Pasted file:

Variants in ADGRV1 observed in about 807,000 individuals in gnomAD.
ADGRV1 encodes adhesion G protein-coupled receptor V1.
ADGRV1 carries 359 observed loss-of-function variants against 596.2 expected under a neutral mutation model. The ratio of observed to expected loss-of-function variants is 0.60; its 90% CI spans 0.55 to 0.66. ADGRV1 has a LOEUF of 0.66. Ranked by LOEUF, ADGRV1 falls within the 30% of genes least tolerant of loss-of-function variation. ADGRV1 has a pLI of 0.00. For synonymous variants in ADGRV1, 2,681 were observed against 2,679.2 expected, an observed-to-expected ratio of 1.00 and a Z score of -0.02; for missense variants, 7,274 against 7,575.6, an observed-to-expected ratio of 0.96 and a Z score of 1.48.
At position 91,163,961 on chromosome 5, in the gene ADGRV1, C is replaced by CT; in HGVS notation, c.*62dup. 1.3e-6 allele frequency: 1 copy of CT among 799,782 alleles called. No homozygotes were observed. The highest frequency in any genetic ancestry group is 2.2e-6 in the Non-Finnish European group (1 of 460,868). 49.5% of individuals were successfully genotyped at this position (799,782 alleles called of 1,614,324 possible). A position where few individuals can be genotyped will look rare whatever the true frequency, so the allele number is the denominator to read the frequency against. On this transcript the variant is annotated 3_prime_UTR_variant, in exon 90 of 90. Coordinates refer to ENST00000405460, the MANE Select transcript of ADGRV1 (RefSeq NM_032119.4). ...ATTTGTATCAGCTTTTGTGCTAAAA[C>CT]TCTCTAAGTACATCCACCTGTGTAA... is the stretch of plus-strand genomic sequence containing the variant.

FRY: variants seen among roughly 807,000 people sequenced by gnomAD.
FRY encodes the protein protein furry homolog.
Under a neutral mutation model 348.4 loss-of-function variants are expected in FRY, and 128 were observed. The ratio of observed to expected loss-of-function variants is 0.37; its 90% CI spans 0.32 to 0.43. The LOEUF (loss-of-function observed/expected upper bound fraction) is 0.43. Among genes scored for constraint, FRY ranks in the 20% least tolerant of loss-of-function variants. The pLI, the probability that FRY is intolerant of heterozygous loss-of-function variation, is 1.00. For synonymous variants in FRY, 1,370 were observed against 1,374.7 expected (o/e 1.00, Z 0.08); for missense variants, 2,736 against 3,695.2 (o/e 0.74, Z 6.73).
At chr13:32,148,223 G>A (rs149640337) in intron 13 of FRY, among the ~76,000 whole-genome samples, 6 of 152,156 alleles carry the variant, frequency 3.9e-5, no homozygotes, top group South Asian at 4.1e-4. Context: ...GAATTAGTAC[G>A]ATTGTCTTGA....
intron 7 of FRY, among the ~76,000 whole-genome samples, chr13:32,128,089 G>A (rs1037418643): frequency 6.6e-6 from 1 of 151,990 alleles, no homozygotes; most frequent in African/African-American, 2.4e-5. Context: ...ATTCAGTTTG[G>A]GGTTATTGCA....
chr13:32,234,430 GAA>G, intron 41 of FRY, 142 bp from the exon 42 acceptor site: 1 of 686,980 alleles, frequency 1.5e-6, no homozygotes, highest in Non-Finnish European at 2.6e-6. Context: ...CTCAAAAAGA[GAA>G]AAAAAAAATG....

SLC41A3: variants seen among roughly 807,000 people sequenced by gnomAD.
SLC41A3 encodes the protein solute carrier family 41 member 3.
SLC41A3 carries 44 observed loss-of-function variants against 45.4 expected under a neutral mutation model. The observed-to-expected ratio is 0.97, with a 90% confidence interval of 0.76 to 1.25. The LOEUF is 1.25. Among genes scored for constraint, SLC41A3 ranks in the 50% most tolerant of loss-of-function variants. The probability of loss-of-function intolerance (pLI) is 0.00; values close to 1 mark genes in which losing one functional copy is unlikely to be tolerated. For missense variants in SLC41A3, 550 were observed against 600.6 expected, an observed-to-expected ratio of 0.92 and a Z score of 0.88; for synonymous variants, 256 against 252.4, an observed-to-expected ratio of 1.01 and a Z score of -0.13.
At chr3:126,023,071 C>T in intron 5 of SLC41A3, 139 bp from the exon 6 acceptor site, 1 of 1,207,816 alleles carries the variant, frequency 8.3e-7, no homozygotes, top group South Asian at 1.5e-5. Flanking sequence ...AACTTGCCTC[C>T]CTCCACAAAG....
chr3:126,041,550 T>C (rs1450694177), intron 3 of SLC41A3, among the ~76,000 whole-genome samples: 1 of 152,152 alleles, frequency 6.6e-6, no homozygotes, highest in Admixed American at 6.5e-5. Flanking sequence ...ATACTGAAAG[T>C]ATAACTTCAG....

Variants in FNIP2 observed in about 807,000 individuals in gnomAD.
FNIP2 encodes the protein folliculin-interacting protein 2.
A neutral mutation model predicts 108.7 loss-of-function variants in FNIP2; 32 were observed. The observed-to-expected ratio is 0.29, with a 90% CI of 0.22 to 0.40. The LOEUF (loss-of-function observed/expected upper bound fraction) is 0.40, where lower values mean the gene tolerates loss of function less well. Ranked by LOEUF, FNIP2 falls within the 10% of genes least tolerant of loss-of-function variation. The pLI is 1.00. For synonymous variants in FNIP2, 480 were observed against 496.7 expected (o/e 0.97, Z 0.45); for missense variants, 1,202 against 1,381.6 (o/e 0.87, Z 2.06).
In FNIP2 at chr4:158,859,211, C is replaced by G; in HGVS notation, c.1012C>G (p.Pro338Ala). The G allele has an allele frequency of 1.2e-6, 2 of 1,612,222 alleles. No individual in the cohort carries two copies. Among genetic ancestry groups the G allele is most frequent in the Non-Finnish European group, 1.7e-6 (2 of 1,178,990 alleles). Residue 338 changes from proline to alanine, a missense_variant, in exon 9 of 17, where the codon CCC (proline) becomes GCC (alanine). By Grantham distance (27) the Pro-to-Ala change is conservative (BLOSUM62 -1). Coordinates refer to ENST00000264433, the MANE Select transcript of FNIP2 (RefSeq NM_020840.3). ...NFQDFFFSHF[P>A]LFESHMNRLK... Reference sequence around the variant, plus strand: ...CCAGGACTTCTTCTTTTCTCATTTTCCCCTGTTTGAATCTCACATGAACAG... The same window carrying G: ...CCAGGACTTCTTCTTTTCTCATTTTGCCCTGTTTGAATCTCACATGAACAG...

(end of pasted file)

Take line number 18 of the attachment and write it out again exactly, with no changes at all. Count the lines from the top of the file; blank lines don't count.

A neutral mutation model predicts 108.7 loss-of-function variants in FNIP2; 32 were observed. The observed-to-expected ratio is 0.29, with a 90% CI of 0.22 to 0.40. The LOEUF (loss-of-function observed/expected upper bound fraction) is 0.40, where lower values mean the gene tolerates loss of function less well. Ranked by LOEUF, FNIP2 falls within the 10% of genes least tolerant of loss-of-function variation. The pLI is 1.00. For synonymous variants in FNIP2, 480 were observed against 496.7 expected (o/e 0.97, Z 0.45); for missense variants, 1,202 against 1,381.6 (o/e 0.87, Z 2.06).